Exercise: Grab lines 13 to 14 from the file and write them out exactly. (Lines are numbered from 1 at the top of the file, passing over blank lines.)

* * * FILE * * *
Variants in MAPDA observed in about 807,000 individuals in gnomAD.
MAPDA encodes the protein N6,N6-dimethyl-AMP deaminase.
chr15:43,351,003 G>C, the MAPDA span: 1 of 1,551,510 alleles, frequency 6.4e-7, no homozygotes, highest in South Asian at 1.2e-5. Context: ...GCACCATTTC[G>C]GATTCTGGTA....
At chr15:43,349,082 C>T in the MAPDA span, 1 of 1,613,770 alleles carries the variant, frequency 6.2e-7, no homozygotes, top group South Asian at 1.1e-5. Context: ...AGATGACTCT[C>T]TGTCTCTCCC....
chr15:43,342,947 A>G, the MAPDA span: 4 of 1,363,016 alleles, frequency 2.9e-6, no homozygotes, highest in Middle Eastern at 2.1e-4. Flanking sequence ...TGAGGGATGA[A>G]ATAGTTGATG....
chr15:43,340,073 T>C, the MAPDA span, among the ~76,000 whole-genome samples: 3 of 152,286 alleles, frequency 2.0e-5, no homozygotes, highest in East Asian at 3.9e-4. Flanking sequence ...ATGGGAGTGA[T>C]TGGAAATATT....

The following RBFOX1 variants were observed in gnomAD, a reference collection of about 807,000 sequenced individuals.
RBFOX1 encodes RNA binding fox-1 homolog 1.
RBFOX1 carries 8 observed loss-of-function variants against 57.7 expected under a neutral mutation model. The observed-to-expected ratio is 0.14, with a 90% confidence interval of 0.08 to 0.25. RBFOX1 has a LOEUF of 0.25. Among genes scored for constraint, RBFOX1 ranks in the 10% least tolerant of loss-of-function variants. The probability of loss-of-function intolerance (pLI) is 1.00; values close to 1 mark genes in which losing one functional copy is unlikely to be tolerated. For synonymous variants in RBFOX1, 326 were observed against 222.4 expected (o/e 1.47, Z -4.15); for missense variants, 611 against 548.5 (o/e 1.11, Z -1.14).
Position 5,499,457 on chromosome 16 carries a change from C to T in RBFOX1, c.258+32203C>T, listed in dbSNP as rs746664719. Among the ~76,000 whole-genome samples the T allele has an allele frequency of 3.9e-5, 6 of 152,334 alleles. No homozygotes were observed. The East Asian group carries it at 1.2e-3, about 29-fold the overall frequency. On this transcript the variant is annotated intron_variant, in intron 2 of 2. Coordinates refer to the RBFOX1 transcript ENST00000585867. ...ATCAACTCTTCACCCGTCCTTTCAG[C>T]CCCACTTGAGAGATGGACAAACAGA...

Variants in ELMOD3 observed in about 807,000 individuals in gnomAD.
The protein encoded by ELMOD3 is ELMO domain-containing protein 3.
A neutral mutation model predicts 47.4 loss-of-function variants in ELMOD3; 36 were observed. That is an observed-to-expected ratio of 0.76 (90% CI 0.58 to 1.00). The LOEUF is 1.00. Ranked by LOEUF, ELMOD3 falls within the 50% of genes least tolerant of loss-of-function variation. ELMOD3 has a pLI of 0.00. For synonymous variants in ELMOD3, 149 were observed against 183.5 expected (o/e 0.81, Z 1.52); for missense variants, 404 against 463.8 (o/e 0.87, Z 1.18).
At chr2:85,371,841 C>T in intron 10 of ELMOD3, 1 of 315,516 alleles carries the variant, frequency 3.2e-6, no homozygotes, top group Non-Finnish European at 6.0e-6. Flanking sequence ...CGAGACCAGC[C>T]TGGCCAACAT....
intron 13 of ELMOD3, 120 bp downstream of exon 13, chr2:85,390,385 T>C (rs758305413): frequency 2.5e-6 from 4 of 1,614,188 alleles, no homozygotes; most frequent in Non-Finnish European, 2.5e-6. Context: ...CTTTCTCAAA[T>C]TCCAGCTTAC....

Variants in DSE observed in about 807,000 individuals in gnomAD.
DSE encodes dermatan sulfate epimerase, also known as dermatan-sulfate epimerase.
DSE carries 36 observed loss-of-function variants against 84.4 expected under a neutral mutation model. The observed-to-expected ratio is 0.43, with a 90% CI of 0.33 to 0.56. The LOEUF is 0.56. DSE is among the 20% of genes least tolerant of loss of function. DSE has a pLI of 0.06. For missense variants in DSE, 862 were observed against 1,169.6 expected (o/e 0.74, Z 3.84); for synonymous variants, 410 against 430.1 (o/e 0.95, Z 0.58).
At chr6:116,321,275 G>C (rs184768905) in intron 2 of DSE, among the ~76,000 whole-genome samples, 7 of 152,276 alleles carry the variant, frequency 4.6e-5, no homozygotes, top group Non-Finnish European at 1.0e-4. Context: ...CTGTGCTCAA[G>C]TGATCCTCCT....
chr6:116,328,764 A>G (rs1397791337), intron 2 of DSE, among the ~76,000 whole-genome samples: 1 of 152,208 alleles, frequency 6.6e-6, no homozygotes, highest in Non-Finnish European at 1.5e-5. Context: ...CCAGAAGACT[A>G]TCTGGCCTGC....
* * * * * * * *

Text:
A neutral mutation model predicts 47.4 loss-of-function variants in ELMOD3; 36 were observed. That is an observed-to-expected ratio of 0.76 (90% CI 0.58 to 1.00). The LOEUF is 1.00. Ranked by LOEUF, ELMOD3 falls within the 50% of genes least tolerant of loss-of-function variation. ELMOD3 has a pLI of 0.00. For synonymous variants in ELMOD3, 149 were observed against 183.5 expected (o/e 0.81, Z 1.52); for missense variants, 404 against 463.8 (o/e 0.87, Z 1.18).
At chr2:85,371,841 C>T in intron 10 of ELMOD3, 1 of 315,516 alleles carries the variant, frequency 3.2e-6, no homozygotes, top group Non-Finnish European at 6.0e-6. Flanking sequence ...CGAGACCAGC[C>T]TGGCCAACAT....